Chapter 1


Chapter 1

  1. M. DePree, Leadership Is an Art, New York: Dell, 1990.

  2. R. Greenleaf, Servant Leadership: A Journey into the Nature of Legitimate Power and Greatness, New York: Paulist Press, 2002.

  3. A. Colby and W. Damon, Some Do Care: Contemporary Lives of Moral Commitment, New York: Free Press, 1992.

  4. Ibid., p. 29.

  5. P. T. Barnum quoted in J. Mueller, “The Role of Business Virtue in Economic Development: Six Propositions Provoked in Part by P.T. Barnum,” Templeton Foundation Institute for the Advanced Study of Freedom, 2000, p. 17.

  6. Colby and Damon, Some Do Care.

  7. H. Gardner, M. Csikszentmihalyi, and W. Damon, Good Work: When Excellence and Ethics Meet, New York: Basic Books, 2001.

  8. J. Collins and J. Porras, Built to Last: Successful Habits of Visionary Companies, New York: Harper Business Essentials, 2002.

  9. G. Gilder, Wealth and Poverty, New York: Bantam Books, 1982;
    M. Novak, Business as a Calling: Work and the Examined Life, New York: Free Press, 1996.



Chapter 2

  1. Memorably, Balzac’s biting quip was quoted to me by the head of a large New York publishing company when I first shopped around for an outlet for this book.

  2. M. Medved, Hollywood vs. America: Popular Culture and the War on Traditional Values, New York: Free Press, 1993, p. 34.

  3. E. Erikson, Identity: Youth and Challenge, New York: W. W. Norton, 1968.

  4. M. Nisan, “Personal Identity and Education for the Desirable,” Journal of Moral Education (1996): 25, no. 1, pp. 75–83.

  5. A. Colby and W. Damon, Some Do Care: Contemporary Lives of Moral Commitment, New York: Free Press, 1992.

  6. Ibid.

  7. Ibid., p. 278.

  8. H. Gardner, M. Csikszentmihalyi, and W. Damon, Good Work: When Excellence and Ethics Meet, New York: Basic Books, 2001.

  9. W. Damon, The Moral Child: Nurturing Children’s Natural Growth, New York: Free Press, 1990.

  10. A. Etzioni, “When It Comes to Ethics, B-Schools Get an F,” Washington Post, August 4, 2000, referring to a recent Aspen Institute study.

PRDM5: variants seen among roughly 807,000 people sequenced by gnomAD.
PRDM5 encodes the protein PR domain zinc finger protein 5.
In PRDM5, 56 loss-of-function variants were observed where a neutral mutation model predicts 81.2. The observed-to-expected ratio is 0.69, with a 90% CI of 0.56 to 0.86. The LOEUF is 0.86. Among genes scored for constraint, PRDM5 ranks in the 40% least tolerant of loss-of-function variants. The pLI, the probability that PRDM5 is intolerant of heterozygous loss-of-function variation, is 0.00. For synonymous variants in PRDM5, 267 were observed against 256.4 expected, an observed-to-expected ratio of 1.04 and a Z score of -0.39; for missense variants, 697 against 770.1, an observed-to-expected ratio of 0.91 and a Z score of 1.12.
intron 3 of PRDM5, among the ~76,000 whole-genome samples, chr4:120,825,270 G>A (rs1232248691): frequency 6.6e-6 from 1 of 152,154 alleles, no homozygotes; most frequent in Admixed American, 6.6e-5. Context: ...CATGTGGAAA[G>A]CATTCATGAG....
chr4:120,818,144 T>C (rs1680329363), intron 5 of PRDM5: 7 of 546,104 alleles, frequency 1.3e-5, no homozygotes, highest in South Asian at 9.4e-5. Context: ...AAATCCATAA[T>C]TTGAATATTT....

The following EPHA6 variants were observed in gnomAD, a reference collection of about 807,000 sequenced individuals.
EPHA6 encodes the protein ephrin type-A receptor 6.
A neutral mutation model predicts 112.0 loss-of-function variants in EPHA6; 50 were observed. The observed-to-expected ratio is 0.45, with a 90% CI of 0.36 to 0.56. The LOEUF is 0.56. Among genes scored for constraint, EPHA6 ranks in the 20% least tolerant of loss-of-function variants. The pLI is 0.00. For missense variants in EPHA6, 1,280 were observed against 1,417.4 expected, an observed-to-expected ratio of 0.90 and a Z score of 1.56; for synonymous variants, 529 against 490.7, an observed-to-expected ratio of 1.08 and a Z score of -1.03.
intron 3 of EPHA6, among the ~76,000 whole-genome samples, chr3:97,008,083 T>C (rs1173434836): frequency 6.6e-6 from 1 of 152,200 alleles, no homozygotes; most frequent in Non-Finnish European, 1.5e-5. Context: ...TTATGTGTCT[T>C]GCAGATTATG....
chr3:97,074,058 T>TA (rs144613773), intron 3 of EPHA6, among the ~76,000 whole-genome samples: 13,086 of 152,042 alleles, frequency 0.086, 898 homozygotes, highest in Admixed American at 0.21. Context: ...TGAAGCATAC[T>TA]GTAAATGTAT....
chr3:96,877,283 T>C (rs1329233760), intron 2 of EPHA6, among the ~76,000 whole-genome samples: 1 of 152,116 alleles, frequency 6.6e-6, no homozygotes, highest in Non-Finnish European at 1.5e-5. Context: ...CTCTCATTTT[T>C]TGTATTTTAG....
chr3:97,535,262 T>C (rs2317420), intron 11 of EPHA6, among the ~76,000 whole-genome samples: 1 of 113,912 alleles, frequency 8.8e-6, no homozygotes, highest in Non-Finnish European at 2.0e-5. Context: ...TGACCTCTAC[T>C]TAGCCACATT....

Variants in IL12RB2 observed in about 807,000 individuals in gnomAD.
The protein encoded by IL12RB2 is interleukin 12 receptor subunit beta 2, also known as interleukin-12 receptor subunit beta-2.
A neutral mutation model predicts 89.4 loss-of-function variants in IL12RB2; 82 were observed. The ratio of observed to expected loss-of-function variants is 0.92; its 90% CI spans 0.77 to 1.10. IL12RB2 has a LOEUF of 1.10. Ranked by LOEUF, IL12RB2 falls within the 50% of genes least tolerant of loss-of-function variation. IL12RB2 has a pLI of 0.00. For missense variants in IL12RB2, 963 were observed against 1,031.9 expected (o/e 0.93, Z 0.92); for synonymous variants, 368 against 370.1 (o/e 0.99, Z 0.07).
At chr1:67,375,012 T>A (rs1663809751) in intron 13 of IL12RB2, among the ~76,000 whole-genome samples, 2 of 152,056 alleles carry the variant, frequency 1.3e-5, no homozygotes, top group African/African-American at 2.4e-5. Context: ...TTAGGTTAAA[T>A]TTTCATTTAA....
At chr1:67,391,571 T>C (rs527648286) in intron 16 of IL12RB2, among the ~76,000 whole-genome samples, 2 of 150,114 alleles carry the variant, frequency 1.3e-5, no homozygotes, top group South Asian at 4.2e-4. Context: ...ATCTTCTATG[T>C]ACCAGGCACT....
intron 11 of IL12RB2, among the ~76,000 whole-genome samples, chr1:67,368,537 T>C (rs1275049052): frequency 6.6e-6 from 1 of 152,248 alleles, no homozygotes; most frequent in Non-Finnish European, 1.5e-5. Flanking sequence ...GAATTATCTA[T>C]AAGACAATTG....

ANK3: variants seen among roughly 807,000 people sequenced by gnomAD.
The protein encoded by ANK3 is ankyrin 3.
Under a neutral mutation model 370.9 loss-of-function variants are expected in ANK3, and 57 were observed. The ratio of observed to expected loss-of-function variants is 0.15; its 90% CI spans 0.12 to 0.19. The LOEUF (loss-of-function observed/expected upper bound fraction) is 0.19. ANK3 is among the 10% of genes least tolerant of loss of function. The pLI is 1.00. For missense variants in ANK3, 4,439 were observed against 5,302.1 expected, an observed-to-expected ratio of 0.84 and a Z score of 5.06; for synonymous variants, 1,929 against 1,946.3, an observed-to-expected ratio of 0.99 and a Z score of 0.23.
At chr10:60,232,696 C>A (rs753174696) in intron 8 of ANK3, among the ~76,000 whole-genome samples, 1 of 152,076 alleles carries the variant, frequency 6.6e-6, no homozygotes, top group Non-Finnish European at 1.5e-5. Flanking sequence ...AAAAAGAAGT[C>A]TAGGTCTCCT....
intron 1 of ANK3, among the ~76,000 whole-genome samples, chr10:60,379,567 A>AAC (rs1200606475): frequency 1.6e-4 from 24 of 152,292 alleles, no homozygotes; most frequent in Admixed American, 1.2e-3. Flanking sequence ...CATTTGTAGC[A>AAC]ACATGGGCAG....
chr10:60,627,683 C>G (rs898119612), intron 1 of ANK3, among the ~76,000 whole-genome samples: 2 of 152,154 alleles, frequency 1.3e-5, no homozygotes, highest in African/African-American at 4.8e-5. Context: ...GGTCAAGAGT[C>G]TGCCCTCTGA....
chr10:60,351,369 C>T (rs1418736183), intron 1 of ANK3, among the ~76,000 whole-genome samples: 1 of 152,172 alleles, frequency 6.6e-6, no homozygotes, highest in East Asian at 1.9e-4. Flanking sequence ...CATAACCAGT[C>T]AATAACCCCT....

11. Ibid.

  12. M. E. P. Seligman and M. Csikszentmihalyi, “Positive Psychology: An Introduction,” American Psychologist (2000): 55, no. 1, pp. 5–14.

  13. Ibid.



Chapter 3

  1. W. Damon, “The Moral Development of Children,” Scientific American (1999): 281, pp. 72–88.

  2. Brenda Fink, personal correspondence.

  3. M. Csikszentmihalyi, Good Business, New York: Basic Books, 2003.

  4. Dean and Provost, March 2003, pp. 7–10.



Chapter 4

  1. W. Damon, The Moral Child: Nurturing Children’s Natural Moral Growth, New York: Free Press, 1990.

  2. P. Ekman, Emotions Revealed: Recognizing Faces and Feelings to Improve Communications and Emotional Life, New York: Times Books, 2003.

  3. Ibid.

  4. Ibid.



Chapter 5

  1. M. Novak, Business as a Calling: Work and the Examined Life, New York: Free Press, 1996.

  2. Aspen Institute study, circa 2000.

  3. A. Etzioni, “When It Comes to Ethics, B-Schools Get an F,” Washington Post, August 4, 2002.

  4. Ibid.

  5. Ibid.

  6. One exception to this is Michael Novak’s fine book Business as a Calling, cited above. My comments on ethics in this chapter draw on Novak’s learned philosophy. To my knowledge, his book has received far too little attention on the business education circuit.

  7. Ibid.

  8. Ibid., p. 107.

  9. C. W. Pollard, quoted in Religion and Liberty, vol. 10, no. 3 (May– June 2000): 1–4.